Timely and accurate managerial information is of prime importance. Making decisions on gut feeling and hearsay can be extremely costly. Managers must analyse all the information and take into consideration other relevant factors before making a decision.

 

     Successful restaurateurs know enough about marketing, internal controls, accounting, repairs and maintenance, purchasing, public relations, taxation, laws, relations with bank managers, purveyors, government agencies, training techniques and quality (food, beverage, service, décor)

     Most free standing restaurants start with a heavy debt load; either loan or mortgage. Bankers are risk averse and consider the trade risky, thus charge higher than normal interest rates as compensation.

     Financially restaurateurs are quick in determining how well their operation is performing and communicate with their bank managers. Looming economic downturns usually allude optimistic restaurateur with predictably catastrophic results. They are too involved with daily routine intricacies and neglect to evaluate the “big picture” to draw contingency plans.

     Banks waste no time to call in their loans, whereas the mandate of the Federal Business Development Bank (FBDB) and Ontario Development Corporation (ODC) is to help entrepreneurs.

     Restaurateurs first ensure sufficient cash after the opening. The right employees must be sought, hired, trained, and adequately compensated to ensure the delivery of product.

     If sufficient capital is unavailable, leasing equipment, rather than outright purchasing will reduce capital requirements.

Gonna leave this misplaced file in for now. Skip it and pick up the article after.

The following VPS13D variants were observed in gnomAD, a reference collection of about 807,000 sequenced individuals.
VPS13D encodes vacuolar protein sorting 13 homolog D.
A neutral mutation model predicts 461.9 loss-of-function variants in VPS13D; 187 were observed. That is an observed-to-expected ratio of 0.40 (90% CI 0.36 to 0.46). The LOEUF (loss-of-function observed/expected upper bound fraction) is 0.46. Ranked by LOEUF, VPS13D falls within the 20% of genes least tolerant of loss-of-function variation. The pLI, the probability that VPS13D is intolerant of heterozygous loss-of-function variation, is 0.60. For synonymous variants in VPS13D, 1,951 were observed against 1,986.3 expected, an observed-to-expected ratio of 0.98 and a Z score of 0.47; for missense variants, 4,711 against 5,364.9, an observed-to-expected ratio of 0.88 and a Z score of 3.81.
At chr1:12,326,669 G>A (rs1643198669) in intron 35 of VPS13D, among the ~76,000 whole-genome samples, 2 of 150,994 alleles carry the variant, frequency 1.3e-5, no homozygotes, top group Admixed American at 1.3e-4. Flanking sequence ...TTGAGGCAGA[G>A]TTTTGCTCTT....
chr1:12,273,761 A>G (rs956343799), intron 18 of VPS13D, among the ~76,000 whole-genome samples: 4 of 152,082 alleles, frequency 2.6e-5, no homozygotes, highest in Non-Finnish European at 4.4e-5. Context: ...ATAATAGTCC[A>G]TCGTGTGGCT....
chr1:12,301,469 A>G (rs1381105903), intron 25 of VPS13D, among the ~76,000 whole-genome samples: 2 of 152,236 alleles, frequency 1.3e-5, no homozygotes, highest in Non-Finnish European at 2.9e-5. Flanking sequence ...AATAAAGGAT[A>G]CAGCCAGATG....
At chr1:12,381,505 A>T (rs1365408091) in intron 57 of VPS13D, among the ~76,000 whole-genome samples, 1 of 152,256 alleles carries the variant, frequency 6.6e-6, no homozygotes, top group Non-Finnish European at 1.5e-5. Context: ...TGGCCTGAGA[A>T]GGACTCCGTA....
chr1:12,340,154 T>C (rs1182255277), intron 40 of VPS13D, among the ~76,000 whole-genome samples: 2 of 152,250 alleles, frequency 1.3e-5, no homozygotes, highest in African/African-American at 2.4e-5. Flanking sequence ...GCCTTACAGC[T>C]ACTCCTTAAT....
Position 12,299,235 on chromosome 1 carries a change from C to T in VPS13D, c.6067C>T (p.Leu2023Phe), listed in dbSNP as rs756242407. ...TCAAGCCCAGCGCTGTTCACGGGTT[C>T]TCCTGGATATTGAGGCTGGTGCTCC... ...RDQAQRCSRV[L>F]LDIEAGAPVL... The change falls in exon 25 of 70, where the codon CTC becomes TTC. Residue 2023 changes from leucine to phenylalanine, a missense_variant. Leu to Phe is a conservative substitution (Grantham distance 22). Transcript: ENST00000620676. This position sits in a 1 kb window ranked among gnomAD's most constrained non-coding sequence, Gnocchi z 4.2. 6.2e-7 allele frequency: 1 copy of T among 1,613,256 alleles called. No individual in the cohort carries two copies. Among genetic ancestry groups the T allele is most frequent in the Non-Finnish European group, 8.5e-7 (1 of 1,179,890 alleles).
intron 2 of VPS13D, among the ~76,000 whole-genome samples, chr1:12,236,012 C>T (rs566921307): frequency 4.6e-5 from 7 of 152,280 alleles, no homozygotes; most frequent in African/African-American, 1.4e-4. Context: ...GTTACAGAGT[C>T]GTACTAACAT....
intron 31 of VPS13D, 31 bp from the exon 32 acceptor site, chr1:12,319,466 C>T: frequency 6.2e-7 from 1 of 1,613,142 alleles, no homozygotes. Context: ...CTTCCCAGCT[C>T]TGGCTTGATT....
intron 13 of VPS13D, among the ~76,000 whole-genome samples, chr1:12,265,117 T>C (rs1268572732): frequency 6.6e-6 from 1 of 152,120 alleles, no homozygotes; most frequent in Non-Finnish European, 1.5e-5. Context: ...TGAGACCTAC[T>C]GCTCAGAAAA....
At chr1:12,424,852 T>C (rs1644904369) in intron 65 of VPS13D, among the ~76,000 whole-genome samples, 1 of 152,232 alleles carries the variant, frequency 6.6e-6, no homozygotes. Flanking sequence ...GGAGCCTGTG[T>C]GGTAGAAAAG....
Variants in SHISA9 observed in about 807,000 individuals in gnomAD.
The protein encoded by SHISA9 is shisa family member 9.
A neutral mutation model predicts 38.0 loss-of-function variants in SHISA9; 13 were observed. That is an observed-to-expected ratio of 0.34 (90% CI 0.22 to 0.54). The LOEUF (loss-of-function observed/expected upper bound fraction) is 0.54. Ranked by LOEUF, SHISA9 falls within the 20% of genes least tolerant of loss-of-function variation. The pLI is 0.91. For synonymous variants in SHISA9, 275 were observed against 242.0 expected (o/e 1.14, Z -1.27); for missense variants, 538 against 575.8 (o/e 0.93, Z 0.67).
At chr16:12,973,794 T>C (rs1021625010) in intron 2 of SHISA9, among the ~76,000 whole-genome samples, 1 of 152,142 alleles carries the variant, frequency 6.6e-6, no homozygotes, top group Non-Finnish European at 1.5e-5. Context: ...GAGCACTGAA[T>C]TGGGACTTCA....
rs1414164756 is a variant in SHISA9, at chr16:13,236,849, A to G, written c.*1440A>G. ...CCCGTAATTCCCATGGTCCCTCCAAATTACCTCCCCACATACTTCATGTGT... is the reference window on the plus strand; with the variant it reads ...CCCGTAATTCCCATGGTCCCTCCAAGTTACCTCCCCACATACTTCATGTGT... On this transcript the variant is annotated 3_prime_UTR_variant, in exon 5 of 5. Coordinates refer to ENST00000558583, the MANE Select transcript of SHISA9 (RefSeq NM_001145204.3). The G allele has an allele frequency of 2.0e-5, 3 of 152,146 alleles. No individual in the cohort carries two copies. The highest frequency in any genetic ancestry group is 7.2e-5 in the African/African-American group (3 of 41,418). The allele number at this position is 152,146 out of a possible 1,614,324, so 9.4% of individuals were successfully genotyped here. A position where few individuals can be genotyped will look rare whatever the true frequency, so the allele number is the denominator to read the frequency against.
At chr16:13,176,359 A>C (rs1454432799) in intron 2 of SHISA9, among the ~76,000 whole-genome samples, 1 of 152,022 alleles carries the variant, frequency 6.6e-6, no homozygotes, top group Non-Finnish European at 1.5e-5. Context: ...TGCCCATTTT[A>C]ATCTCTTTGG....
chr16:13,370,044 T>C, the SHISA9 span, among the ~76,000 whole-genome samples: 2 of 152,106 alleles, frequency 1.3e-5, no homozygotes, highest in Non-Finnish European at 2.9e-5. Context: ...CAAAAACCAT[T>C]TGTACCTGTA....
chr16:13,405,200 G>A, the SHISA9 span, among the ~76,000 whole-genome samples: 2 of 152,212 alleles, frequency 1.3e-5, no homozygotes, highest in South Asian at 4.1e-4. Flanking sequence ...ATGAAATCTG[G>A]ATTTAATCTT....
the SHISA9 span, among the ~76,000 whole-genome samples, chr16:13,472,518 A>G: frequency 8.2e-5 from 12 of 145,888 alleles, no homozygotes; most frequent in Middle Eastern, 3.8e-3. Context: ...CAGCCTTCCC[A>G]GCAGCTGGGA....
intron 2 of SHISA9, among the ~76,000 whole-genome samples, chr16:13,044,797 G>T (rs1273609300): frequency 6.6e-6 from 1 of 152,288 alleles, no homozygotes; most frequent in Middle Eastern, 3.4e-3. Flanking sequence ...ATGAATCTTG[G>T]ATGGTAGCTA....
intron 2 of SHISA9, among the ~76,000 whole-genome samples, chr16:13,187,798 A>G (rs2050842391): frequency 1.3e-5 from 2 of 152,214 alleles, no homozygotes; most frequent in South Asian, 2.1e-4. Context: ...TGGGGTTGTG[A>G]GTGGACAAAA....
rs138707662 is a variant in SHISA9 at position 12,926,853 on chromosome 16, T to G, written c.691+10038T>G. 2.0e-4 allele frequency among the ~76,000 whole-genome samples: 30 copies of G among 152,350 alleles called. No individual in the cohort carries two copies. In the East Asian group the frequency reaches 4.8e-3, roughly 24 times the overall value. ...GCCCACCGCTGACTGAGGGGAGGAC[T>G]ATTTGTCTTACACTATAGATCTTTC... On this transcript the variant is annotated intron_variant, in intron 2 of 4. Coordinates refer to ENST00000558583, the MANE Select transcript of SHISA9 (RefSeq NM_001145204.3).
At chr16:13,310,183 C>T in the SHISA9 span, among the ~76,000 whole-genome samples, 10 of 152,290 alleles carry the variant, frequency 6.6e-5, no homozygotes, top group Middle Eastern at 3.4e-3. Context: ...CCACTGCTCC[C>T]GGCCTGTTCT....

The following points help avoid bankruptcies:,
• Acquire sufficient capital. At least 50 percent of the capital should be put up by the entrepreneur. Anticipate 20 percent cost overrun. Sufficient cash should be available to meet payroll for the first four – six months.
• Several professionals (accountants, tax specialists, marketing types should be consulted prior to starting any restaurant project.
• Lead by example
• Communicate clearly both verbally and in writing
• Forecast at least two years ahead and revise  your forecast on an ongoing basis.
• Make decisions after analysing your monthly statement
• The restaurant business is highly volatile. Prepare for the unexpected and cut expenses in anticipation.
• Have a business plan and revise when necessary/
• Develop a strong, service-oriented, friendly, and efficient labour force. Productivity based on incentive programs are rewarding.
• Always be well informed of external and internal developments, employee dissatisfaction, changes in various taxes, competition, changing patterns in eating habits, new products, and regard perfection as a “moving target”.
• Provide continuous training
• Follow up both guest and employee complaints.

     Successful business development strategies require good planning, adequate financing, an excellent business plan, willing employees, dedication, continuous monitoring of the market, and rigorous internal controls.

Article contributed by Hrayr Berberoglu, a Professor Emeritus of Hospitality and Tourism Management specializing in Food and Beverage. Books by H. Berberoglu